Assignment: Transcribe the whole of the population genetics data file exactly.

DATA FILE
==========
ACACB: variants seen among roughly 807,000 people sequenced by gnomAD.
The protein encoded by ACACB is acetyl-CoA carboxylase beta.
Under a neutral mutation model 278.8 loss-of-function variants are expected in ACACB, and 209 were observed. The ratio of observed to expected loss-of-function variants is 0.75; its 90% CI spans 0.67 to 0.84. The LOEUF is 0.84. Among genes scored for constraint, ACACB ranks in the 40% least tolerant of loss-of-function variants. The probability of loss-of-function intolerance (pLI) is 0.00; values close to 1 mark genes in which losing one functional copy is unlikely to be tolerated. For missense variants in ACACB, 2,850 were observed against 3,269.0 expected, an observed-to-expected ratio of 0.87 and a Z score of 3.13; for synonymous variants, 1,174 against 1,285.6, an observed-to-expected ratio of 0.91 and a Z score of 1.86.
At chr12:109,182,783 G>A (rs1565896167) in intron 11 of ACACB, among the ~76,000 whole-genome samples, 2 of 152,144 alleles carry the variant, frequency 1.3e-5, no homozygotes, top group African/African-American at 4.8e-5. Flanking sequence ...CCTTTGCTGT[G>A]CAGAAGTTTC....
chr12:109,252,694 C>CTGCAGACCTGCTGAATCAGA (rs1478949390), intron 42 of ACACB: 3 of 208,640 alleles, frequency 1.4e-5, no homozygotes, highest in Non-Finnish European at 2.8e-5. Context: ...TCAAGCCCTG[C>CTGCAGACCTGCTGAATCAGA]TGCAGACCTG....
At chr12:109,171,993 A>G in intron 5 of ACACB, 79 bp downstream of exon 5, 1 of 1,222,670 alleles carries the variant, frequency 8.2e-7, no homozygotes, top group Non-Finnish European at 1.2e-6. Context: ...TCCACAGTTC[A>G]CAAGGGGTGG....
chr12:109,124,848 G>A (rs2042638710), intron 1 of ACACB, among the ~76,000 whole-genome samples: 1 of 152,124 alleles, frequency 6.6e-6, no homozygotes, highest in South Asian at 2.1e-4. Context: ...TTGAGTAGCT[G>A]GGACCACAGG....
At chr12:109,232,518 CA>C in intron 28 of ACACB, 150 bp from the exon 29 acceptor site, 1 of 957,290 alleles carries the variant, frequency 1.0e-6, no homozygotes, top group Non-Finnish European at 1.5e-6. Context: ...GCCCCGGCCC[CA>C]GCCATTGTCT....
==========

ACACB: variants seen among roughly 807,000 people sequenced by gnomAD.
The protein encoded by ACACB is acetyl-CoA carboxylase beta.
Under a neutral mutation model 278.8 loss-of-function variants are expected in ACACB, and 209 were observed. The ratio of observed to expected loss-of-function variants is 0.75; its 90% CI spans 0.67 to 0.84. The LOEUF is 0.84. Among genes scored for constraint, ACACB ranks in the 40% least tolerant of loss-of-function variants. The probability of loss-of-function intolerance (pLI) is 0.00; values close to 1 mark genes in which losing one functional copy is unlikely to be tolerated. For missense variants in ACACB, 2,850 were observed against 3,269.0 expected, an observed-to-expected ratio of 0.87 and a Z score of 3.13; for synonymous variants, 1,174 against 1,285.6, an observed-to-expected ratio of 0.91 and a Z score of 1.86.
At chr12:109,182,783 G>A (rs1565896167) in intron 11 of ACACB, among the ~76,000 whole-genome samples, 2 of 152,144 alleles carry the variant, frequency 1.3e-5, no homozygotes, top group African/African-American at 4.8e-5. Flanking sequence ...CCTTTGCTGT[G>A]CAGAAGTTTC....
chr12:109,252,694 C>CTGCAGACCTGCTGAATCAGA (rs1478949390), intron 42 of ACACB: 3 of 208,640 alleles, frequency 1.4e-5, no homozygotes, highest in Non-Finnish European at 2.8e-5. Context: ...TCAAGCCCTG[C>CTGCAGACCTGCTGAATCAGA]TGCAGACCTG....
At chr12:109,171,993 A>G in intron 5 of ACACB, 79 bp downstream of exon 5, 1 of 1,222,670 alleles carries the variant, frequency 8.2e-7, no homozygotes, top group Non-Finnish European at 1.2e-6. Context: ...TCCACAGTTC[A>G]CAAGGGGTGG....
chr12:109,124,848 G>A (rs2042638710), intron 1 of ACACB, among the ~76,000 whole-genome samples: 1 of 152,124 alleles, frequency 6.6e-6, no homozygotes, highest in South Asian at 2.1e-4. Context: ...TTGAGTAGCT[G>A]GGACCACAGG....
At chr12:109,232,518 CA>C in intron 28 of ACACB, 150 bp from the exon 29 acceptor site, 1 of 957,290 alleles carries the variant, frequency 1.0e-6, no homozygotes, top group Non-Finnish European at 1.5e-6. Context: ...GCCCCGGCCC[CA>C]GCCATTGTCT....